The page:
I'm not sure where the best place to post this message is, but since the most recent line of research I've been doing has lead me to OSGi and Spring dm (which is close, but still not quite there), this looks like the right place to post.
I've got some real-world scenarios that the OSGi platform seems very well suited to, but, from what I can tell from research, still does not quite hit the mark. Let me mention a few, and then talk about at least as far as I've gotten. Maybe there is already some technology that solves these problems, or maybe this is "in the works" but not built yet.
1) Web application A is deployed. Customer 1 likes it plain. Customer 2 wants a couple of stylesheet tweaks for branding. Customer 3 wants a little bit of the business logic changed. So the end result are three new virtual applications that are the result of A merged with a set of changes for each customer.
2) Web application A is deployed. Optional application module B is developed and needs to be plugged into A, not just adding new files, but also making small tweaks to some of the existing files (adding menus, adding fields to existing pages, adding additional workflow, new pages to wizards, etc). So when B is deployed, the end result is a new virtual applicaiton that merges A and B together.
3) Web application A is deployed. Bugs are found. A patch (call it P1) that contains just the patched files is plugged in. The new application (that results of merging A with P1) is tested and something isn't working. The patch is then unplugged and reworked until it is gotten right.
I was pretty excited to read about dyamic modules, and learn about OSGi fragments as a way to solve some of these problems. As it turns out, I don't think dynamic modules or fragments can solve any of these.
Case #1 sure seems to call for fragments. However, in order to get this to work, you'd need multiple copies of the base application A deployed 3 times, each one modified by a different fragment and accessible by a different hostname (or context path or something). Having multiple copies of the base application is not very efficient (you end up with multiple copies of JSP classes compiled, multiple classloaders, one for each app, loading all the classes for the app, etc). What you really want to be able to merge a set of fragments with a web application "virtually" so you really only have one base set of classes and instances loaded in memory.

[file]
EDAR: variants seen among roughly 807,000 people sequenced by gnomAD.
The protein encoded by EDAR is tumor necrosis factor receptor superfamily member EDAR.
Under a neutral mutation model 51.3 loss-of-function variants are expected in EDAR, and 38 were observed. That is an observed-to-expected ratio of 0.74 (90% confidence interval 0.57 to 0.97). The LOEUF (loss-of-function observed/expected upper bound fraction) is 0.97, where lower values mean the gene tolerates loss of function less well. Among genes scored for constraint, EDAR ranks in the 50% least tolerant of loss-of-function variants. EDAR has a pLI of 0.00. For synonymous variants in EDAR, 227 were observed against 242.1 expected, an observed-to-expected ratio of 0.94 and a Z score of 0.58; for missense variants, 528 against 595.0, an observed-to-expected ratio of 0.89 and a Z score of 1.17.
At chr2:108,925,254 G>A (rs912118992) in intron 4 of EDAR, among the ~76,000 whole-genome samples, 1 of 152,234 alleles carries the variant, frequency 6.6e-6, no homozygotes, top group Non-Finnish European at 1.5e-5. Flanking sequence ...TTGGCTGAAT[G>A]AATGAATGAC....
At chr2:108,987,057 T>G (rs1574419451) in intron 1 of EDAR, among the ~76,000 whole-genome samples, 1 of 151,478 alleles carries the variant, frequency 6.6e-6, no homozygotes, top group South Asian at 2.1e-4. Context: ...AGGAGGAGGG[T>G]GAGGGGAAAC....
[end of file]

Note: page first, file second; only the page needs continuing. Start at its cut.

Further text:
Case #2 sure seems like fragments would come to the rescue here as well. However, since fragments can't override content in the base (just add to it) it can't be done. Instead you would have to munge the original application to add the ability to "configure" it to add in the extra stuff needed to handle the presence or absense of module B. That's fine if you are the primary owner of the base application. But what if you really just wanted to overlay your new module B on top of some existing web bundle, maybe one that was produced by someone else, to get your new extended application without having to modify the base code (i.e. treat it as a 3rd party/vendor provided module)?
Case #3 also seems like dynamic modules would come to the rescue. Unfortunately again, fragments can't override content in the base, so you can't augment an OSGi module with a fragment that merges with it to produce a patched module. It seems OSGi CAN handle this through simply upgrading to the latest version of the modules with the "update" functionality, and if that doesn't work, you can always roll back. But it seems that's not the "traditional" patching model (where the patch is placed ahead of everything else in the lookup path so its stuff comes first, and if you want to unpatch, you just remove it from the lookup path and the original versions of stuff will be found).
All the problems seem to be related, and it seems like a single solution might be able to address all 3 of these issues. OSGi and fragments sure seem to be "close" to the solution, but not quite. So, is there a solution, using Spring, OSGi, or some other technology to any of these problems? If the answer to these is that there really is no good standardized solution to these problems that exists now, then is there anything that might be already specified and not built, or even some upcoming specifications that might help solve these problems?
Thanks in advance!